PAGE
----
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Limitations

One limitation of this study is the potential for selection bias in terms of which subjects did or did not receive adenosine. In our practice, the decision to use adenosine-induced flow arrest is based on anatomical aspects and the location of the aneurysm. Therefore, patients with proximal internal carotid artery aneurysms or complex posterior circulation aneurysms were more likely to receive adenosine in our study group. If surgery at either of these anatomic locations is related to neurologic outcome (basilar aneurysm surgery may be associated with higher mortality), this may have biased the results of this study.17 Another limitation of this study may be the perceived lack of “robust” reporting of neurologic outcomes. However, the mRs is commonly used in the clinical evaluation of neurologic outcomes in aneurysm and stroke patients. Not only does it possess a high degree of interobserver reliability, but it also strongly correlates with functional outcome, even when reduced to a dichotomous variable.10,11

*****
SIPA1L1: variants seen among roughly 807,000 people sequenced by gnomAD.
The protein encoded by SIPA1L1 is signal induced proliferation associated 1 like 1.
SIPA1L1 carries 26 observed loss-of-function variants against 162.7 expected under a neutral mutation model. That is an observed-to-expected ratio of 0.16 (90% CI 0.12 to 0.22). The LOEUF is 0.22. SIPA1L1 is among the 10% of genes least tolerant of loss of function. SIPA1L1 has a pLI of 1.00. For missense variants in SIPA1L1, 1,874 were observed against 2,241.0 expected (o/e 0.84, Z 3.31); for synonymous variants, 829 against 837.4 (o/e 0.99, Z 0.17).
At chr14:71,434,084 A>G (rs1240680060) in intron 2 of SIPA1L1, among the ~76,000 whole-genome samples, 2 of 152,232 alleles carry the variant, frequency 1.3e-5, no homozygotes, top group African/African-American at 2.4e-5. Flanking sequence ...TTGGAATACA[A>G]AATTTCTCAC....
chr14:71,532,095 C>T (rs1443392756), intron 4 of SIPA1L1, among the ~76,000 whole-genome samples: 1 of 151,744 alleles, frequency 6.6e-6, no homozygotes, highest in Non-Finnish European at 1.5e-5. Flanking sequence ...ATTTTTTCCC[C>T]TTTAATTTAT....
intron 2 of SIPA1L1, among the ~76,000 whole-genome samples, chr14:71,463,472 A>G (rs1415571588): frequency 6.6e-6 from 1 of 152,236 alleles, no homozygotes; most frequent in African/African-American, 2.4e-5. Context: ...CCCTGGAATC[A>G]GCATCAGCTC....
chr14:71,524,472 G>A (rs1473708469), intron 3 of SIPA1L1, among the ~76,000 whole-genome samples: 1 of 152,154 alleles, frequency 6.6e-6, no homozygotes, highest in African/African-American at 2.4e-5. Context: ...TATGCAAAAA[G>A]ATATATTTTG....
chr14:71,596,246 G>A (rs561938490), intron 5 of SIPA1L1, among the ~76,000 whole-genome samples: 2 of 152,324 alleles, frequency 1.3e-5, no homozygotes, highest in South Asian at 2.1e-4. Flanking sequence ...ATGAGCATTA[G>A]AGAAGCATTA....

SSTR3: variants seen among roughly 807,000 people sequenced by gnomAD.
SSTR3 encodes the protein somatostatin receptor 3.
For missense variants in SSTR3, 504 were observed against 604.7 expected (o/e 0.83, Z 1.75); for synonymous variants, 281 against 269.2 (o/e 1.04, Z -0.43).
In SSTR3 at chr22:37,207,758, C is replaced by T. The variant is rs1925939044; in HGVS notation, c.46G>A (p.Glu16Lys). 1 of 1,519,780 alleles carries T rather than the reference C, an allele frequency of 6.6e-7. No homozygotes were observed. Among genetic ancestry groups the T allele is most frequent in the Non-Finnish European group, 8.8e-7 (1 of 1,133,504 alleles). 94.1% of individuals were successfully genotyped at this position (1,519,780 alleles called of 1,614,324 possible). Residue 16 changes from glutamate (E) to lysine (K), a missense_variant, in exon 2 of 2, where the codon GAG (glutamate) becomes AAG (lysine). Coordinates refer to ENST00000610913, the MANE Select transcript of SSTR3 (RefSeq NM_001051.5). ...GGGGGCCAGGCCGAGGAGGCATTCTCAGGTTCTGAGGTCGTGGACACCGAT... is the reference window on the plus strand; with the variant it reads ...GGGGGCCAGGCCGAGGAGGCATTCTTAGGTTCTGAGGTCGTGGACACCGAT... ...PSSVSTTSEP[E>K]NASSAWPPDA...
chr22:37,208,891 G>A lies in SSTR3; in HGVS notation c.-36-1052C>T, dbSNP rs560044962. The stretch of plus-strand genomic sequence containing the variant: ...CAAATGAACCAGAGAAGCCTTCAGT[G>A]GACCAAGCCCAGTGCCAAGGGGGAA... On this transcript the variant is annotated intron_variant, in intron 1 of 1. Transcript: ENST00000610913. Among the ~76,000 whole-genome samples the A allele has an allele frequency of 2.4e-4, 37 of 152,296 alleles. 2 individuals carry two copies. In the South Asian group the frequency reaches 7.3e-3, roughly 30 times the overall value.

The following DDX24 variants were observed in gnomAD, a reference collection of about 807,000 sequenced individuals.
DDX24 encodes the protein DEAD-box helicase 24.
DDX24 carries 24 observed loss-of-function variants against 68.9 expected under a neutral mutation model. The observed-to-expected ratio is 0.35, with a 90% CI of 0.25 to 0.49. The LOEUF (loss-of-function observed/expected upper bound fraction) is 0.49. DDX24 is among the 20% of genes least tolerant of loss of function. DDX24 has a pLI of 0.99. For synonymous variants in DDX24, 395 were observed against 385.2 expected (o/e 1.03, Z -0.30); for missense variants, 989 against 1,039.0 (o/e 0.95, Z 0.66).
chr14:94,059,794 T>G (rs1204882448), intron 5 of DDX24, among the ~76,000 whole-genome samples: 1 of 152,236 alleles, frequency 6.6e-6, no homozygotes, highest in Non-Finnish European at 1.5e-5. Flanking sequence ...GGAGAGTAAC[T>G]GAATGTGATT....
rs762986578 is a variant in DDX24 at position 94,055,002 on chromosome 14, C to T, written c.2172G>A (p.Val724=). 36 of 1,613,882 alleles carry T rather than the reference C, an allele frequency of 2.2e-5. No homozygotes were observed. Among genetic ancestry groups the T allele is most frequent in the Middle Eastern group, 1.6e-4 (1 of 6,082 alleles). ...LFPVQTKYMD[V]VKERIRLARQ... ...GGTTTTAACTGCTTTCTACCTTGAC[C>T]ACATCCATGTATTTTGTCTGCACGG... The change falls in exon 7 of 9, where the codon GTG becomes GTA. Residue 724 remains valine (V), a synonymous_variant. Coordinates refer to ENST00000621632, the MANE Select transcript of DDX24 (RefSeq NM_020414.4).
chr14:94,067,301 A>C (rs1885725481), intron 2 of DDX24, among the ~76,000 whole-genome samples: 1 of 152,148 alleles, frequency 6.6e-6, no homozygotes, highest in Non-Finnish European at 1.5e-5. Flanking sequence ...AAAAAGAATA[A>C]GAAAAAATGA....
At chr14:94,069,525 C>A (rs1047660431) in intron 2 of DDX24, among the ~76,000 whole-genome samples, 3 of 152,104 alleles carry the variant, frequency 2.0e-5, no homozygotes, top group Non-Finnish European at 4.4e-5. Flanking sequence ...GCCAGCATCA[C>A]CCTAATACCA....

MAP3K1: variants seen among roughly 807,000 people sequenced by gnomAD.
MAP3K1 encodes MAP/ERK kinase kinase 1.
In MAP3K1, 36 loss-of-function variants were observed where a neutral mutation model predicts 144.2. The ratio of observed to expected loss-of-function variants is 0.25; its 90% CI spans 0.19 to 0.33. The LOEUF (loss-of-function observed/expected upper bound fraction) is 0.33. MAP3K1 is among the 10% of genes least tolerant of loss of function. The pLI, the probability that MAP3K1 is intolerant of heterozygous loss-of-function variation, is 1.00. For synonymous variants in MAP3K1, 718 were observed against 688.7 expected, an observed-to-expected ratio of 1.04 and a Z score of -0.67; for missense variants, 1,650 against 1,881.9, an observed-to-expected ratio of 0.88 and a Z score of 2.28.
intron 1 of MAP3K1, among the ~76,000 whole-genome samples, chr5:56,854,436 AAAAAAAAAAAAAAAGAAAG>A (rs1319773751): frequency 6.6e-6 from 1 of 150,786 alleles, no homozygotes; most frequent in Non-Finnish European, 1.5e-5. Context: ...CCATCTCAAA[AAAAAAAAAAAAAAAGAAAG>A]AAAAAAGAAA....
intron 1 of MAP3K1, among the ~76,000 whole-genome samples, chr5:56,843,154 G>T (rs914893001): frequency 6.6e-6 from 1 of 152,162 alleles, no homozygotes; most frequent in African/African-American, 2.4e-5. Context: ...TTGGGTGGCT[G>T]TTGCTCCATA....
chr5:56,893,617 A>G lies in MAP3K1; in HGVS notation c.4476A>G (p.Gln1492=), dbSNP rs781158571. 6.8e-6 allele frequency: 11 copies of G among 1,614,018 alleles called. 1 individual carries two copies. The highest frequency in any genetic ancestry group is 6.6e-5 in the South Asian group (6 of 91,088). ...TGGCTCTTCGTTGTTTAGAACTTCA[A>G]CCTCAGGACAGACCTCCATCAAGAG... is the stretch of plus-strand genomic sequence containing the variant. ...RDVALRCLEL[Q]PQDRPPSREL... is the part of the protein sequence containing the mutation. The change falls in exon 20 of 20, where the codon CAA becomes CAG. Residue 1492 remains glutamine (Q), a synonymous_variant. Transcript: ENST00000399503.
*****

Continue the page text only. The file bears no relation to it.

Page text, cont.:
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Risk Factors for Poor Neurologic Outcome After Aneurysm Surgery

Several preoperative factors were associated with a poor neurologic outcome 48 hours after surgery, such as female sex, advanced age, large aneurysm size, higher preoperative Hunt Hess classification, preexisting hypertension, preexisting coronary artery disease, and a Fisher Grade of 4 on presentation (Table 3). This is consistent with other studies that have confirmed that increasing age, giant aneurysms (>25 mm), worse initial World Federation of Neurosurgical Societies scores), larger size of hematoma on initial brain computed tomography scan, and previous diagnosis of hypertension or myocardial infarction are associated with worsened neurologic outcome after cerebral aneurysm surgery.18–21 Unfortunately, none of these factors is modifiable, and therefore, these findings serve the sole purpose of risk prediction, or stratification, and not risk modification.